The Ontos sat on the bridge, it’s dull presence barely visible across the distance, through the murk of the rainy night, with only the slight radiance of a full moon shining on clouds unseen above. I waited, as the battlefield in front of me across the fore drop of the river remained quiet. The .50 had not opened up again, and small arms fire had become non-existent. Dobbs peered through the Starlight Scope, the device now mounted atop his M-16, which was set to selective semi-automatic fire in order to shoot the first NVA soldier injudicious enough to attempt to cross the bridge. Captain Carruthers waited for me to transmit the order for Kilo to begin making the crossing.

“Now,” I said into the microphone Fusner placed in my waiting hand.

“Make sure you can tell the difference between our Marines and the NVA in this atmospheric crap,” I said to Dobbs, hunched over next to me.

“Atmospheric crap,” Dobbs repeated. “I like the sound of that.”

I could not help wanting to smile, but I didn’t. The fear, the guilt, the hope and the angst of it all made me wooden inside, unable to demonstrate the least emotion. I could move my body freely, give orders, discuss the plan or whatever was necessary, but I could not express anything close to real feelings, although they roiled up inside me. Between giving the order for Kilo to advance to and across the bridge, and their actually initiating action, my insides were all about emotion, but not about the company or the situation we were involved in. I thought of my wife and home, and how I had neither written nor sent anything in days. I felt my connection to the ‘world’ pulling away from me, like some soft but giant rubber band stretching itself to the limit until some breaking point was reached at some unpredictable time in the near future.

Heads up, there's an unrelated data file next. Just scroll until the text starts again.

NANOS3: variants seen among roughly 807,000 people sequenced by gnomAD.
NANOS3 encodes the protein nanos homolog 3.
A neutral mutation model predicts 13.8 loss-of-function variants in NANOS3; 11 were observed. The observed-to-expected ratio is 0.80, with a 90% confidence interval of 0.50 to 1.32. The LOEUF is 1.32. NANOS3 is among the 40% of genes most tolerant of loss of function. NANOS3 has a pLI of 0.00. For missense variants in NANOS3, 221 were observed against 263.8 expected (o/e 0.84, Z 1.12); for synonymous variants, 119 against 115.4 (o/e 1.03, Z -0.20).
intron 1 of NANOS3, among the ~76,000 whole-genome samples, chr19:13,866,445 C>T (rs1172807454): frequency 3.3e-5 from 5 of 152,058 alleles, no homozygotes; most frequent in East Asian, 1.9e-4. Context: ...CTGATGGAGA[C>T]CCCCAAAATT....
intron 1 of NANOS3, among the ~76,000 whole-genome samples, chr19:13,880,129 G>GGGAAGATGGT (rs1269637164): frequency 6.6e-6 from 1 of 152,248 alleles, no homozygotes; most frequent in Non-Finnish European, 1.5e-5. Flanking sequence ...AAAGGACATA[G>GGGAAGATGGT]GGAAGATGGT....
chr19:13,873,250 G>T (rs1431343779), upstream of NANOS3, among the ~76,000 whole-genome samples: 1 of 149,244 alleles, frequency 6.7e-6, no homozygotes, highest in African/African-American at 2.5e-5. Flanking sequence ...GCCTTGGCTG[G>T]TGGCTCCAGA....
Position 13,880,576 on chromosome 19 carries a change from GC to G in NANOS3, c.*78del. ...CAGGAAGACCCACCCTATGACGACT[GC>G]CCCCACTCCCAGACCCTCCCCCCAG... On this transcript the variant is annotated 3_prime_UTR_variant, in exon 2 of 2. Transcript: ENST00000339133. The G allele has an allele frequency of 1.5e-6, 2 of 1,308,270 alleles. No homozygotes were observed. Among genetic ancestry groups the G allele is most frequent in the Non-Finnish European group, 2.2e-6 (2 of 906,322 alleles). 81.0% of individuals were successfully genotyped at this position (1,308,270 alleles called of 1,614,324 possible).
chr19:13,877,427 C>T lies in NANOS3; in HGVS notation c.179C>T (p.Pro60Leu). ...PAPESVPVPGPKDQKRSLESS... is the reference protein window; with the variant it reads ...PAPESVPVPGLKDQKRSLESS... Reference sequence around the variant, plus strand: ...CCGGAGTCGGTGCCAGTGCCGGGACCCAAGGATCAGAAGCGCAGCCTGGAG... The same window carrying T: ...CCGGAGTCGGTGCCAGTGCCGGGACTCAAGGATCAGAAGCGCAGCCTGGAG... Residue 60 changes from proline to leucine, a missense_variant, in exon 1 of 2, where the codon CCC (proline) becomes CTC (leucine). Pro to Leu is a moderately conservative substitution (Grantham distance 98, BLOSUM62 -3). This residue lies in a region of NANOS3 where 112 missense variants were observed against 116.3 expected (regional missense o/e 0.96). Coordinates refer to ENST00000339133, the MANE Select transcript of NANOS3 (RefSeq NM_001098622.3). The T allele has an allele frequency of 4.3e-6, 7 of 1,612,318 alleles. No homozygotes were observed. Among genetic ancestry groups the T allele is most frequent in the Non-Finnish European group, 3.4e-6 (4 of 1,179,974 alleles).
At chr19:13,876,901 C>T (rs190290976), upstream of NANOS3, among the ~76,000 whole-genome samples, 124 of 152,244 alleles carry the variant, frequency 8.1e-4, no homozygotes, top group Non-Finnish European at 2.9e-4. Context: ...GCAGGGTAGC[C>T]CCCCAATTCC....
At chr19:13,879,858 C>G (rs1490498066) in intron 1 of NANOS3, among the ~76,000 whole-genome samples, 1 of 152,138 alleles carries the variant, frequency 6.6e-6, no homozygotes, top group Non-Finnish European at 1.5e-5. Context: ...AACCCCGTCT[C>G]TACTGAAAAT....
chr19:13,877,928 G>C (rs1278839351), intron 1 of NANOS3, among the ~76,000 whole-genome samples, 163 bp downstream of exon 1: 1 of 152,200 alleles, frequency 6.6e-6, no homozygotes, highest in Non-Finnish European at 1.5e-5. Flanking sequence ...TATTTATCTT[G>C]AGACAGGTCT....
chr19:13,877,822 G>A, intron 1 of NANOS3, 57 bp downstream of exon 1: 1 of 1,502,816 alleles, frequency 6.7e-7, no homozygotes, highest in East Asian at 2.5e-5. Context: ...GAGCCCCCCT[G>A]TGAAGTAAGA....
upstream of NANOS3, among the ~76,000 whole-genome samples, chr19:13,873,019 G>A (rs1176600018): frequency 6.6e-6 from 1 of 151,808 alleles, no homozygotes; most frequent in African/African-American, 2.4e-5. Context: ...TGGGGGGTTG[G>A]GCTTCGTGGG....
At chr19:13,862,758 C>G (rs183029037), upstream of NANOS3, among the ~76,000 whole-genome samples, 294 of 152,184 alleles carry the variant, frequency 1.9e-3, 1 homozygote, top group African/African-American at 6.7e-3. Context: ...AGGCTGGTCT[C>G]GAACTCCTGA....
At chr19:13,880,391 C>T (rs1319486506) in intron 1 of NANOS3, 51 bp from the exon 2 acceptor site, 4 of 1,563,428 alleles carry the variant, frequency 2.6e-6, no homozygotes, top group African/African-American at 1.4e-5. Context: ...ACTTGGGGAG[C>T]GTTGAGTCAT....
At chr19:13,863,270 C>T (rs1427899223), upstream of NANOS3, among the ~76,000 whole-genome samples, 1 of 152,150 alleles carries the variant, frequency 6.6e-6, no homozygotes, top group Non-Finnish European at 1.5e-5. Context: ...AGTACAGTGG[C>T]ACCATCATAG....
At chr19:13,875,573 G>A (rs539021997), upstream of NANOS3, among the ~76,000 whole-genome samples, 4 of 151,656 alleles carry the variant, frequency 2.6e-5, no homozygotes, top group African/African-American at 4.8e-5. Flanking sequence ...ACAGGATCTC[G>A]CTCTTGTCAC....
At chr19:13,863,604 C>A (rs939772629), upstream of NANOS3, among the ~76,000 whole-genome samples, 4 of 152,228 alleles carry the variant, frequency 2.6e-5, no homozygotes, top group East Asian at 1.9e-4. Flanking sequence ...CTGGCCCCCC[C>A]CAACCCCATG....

“Where the hell are they?” the Gunny said from back over my shoulder.

The Gunny was supposed to be supervising his two fire teams to make sure they laid their fire down on whatever bridge end position Dobbs identified with his own single tracers.

“Wait,” was all I could think to respond.

I tried to think about why the Gunny was so on edge, given that he rarely showed any emotion at all.

“Jurgens,” I said.

“Jurgens?” the Gunny asked.

“Send him back to the Ontos,” I whispered. “The Browning .30 sits unmanned on the top of the turret. It’s got plenty of ammo and the thing is less than fifty meters from the end of the bridge. There is no way any enemy, no matter how big, can charge directly into a Browning .30 caliber and survive.”

“With the M-60s and the NVA .50 that can open up anytime, sending someone over to stand and man the .30 is a near-suicide mission,” the Gunny stated, flatly.

I didn’t answer, instead turned my head to talk to Dobbs.

“You are named after the lead character in Treasure of Sierra Madre?” I asked him.

“Last name is Dobbs,” he replied, after a few seconds. “British.”

“We don’t need no stinking’ badges,” I quoted from the movie, trying to ignore the fact that the Gunny, although he had not spoken again, also had not departed to give the order to Jurgens to proceed to the Ontos.

“‘ I don’t need a badge,’ is the proper quote, sir,” Dobbs replied, his voice showing no emotion. “The line you quoted is made up, not the real line from the movie.”

My opinion of Dobbs went up, once again. I didn’t know the real lines from the movie but I presumed Dobbs, with his last name, had heard plenty about in his lifetime.